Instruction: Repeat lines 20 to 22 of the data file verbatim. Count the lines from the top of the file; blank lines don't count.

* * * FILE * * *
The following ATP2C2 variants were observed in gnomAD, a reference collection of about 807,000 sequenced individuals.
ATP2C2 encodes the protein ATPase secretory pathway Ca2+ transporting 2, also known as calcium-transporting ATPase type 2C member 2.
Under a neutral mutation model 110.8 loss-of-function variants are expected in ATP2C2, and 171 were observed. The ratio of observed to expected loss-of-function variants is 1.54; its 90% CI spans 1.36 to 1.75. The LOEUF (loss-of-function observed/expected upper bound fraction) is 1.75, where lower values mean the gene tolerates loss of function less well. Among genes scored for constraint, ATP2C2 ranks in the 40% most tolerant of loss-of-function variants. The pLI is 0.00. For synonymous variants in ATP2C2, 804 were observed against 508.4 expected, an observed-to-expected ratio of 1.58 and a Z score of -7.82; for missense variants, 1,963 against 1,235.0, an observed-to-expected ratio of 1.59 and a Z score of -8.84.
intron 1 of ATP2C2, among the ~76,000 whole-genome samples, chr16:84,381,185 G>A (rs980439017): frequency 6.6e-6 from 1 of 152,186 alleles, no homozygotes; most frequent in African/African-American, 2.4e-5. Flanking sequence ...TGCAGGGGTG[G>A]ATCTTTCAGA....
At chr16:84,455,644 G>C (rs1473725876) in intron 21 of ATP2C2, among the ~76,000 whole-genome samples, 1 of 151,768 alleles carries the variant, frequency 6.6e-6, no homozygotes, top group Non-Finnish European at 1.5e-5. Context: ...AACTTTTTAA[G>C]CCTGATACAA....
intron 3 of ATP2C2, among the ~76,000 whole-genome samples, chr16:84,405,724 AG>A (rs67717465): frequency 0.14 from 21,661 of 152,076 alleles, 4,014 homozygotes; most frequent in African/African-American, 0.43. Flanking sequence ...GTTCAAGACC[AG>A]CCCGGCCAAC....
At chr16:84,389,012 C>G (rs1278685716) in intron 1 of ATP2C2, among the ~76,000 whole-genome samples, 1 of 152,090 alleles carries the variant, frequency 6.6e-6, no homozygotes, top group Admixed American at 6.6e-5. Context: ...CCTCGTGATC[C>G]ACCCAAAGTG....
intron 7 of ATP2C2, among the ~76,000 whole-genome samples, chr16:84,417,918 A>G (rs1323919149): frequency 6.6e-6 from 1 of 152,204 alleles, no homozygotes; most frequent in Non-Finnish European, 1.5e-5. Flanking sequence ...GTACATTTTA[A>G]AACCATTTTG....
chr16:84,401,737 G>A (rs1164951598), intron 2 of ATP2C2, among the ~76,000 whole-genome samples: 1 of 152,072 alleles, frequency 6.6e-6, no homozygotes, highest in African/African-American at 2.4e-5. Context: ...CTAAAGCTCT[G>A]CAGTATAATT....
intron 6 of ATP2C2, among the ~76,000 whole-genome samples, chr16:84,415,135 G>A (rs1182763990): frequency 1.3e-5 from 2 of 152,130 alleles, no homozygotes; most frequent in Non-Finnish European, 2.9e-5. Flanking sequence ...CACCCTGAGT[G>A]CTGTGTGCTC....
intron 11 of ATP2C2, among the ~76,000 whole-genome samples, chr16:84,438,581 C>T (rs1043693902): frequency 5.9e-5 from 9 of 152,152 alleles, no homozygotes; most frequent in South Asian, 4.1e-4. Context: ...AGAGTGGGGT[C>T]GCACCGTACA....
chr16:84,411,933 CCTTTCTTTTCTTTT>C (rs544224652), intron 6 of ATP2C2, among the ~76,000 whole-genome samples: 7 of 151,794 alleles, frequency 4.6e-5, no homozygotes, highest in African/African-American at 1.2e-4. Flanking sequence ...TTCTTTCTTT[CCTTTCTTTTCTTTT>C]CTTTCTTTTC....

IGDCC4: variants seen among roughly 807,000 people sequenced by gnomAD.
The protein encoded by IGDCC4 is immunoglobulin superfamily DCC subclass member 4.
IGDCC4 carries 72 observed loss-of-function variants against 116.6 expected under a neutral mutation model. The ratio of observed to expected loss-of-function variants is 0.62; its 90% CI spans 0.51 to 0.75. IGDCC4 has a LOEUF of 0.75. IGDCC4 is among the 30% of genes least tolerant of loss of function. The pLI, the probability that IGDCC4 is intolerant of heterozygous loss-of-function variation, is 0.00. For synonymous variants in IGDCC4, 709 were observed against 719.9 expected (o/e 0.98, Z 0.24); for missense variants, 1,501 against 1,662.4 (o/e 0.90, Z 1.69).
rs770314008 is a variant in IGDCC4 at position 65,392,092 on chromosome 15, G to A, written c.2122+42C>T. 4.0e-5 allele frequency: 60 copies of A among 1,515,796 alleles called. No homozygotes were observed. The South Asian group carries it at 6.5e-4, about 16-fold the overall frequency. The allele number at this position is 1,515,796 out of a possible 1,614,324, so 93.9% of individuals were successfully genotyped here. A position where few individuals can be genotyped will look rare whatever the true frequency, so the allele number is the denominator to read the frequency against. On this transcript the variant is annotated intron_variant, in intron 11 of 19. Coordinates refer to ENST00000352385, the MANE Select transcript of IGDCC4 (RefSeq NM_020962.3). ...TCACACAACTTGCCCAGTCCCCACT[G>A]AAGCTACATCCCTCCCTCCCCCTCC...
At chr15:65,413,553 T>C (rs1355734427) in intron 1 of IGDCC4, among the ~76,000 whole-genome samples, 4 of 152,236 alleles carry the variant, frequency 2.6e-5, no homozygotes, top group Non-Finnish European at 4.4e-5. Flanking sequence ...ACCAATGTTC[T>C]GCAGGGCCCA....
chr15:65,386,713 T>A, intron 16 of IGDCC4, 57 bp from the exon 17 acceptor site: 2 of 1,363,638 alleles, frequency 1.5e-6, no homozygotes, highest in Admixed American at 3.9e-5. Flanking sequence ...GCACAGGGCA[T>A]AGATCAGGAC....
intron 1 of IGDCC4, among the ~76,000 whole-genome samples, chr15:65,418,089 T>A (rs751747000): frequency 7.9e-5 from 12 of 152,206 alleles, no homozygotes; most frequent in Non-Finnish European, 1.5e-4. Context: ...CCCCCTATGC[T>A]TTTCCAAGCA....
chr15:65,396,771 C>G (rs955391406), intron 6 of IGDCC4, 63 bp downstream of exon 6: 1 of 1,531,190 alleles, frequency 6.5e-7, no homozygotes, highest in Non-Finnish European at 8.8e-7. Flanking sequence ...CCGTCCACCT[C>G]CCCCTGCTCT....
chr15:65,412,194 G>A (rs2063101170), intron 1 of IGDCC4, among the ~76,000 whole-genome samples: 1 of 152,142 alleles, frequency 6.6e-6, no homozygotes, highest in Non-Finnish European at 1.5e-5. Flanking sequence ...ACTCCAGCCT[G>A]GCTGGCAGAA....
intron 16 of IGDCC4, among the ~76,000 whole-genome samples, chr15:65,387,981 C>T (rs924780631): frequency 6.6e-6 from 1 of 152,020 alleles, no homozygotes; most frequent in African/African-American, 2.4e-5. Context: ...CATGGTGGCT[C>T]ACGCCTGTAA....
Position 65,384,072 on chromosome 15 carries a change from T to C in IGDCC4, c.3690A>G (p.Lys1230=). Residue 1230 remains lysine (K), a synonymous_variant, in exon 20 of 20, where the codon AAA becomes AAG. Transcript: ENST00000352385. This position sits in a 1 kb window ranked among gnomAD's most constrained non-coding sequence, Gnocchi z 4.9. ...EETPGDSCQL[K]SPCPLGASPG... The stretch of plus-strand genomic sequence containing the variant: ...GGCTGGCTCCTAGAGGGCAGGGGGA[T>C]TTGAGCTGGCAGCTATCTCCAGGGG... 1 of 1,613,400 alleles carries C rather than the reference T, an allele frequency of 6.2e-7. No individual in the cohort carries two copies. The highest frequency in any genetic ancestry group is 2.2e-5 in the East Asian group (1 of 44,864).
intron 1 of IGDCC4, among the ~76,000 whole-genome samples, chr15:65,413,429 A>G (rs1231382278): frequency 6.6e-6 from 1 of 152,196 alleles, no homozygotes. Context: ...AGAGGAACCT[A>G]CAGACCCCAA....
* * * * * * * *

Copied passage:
chr15:65,396,771 C>G (rs955391406), intron 6 of IGDCC4, 63 bp downstream of exon 6: 1 of 1,531,190 alleles, frequency 6.5e-7, no homozygotes, highest in Non-Finnish European at 8.8e-7. Flanking sequence ...CCGTCCACCT[C>G]CCCCTGCTCT....
chr15:65,412,194 G>A (rs2063101170), intron 1 of IGDCC4, among the ~76,000 whole-genome samples: 1 of 152,142 alleles, frequency 6.6e-6, no homozygotes, highest in Non-Finnish European at 1.5e-5. Flanking sequence ...ACTCCAGCCT[G>A]GCTGGCAGAA....
intron 16 of IGDCC4, among the ~76,000 whole-genome samples, chr15:65,387,981 C>T (rs924780631): frequency 6.6e-6 from 1 of 152,020 alleles, no homozygotes; most frequent in African/African-American, 2.4e-5. Context: ...CATGGTGGCT[C>T]ACGCCTGTAA....